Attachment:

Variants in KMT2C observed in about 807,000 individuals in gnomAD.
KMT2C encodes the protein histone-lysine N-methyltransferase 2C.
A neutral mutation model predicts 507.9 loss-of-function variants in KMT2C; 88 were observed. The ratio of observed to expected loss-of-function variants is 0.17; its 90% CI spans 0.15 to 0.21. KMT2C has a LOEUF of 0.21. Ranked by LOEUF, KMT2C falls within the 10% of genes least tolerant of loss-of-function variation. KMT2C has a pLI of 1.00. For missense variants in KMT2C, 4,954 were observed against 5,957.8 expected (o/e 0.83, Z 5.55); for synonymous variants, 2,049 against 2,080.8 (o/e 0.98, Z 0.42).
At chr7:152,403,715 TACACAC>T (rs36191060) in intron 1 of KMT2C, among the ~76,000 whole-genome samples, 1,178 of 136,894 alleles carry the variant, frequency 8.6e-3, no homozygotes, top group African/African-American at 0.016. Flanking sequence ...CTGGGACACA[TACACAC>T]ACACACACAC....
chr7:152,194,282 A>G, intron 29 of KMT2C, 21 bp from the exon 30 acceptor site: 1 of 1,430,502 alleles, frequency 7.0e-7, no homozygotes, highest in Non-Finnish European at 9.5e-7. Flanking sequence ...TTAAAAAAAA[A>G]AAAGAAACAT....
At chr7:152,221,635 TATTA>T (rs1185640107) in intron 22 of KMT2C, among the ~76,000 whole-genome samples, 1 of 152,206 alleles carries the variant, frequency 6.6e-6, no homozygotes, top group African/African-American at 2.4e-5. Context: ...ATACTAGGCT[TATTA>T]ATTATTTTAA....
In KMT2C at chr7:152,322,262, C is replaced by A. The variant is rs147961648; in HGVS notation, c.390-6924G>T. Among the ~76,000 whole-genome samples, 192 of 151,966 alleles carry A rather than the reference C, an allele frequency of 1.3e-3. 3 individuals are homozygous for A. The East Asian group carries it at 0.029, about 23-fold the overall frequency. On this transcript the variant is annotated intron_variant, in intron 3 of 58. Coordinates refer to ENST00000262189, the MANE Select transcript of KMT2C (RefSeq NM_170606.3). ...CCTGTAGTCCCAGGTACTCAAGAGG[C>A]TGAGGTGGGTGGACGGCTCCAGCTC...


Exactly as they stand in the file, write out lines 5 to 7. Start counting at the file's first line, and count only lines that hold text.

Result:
chr7:152,194,282 A>G, intron 29 of KMT2C, 21 bp from the exon 30 acceptor site: 1 of 1,430,502 alleles, frequency 7.0e-7, no homozygotes, highest in Non-Finnish European at 9.5e-7. Flanking sequence ...TTAAAAAAAA[A>G]AAAGAAACAT....
At chr7:152,221,635 TATTA>T (rs1185640107) in intron 22 of KMT2C, among the ~76,000 whole-genome samples, 1 of 152,206 alleles carries the variant, frequency 6.6e-6, no homozygotes, top group African/African-American at 2.4e-5. Context: ...ATACTAGGCT[TATTA>T]ATTATTTTAA....
In KMT2C at chr7:152,322,262, C is replaced by A. The variant is rs147961648; in HGVS notation, c.390-6924G>T. Among the ~76,000 whole-genome samples, 192 of 151,966 alleles carry A rather than the reference C, an allele frequency of 1.3e-3. 3 individuals are homozygous for A. The East Asian group carries it at 0.029, about 23-fold the overall frequency. On this transcript the variant is annotated intron_variant, in intron 3 of 58. Coordinates refer to ENST00000262189, the MANE Select transcript of KMT2C (RefSeq NM_170606.3). ...CCTGTAGTCCCAGGTACTCAAGAGG[C>A]TGAGGTGGGTGGACGGCTCCAGCTC...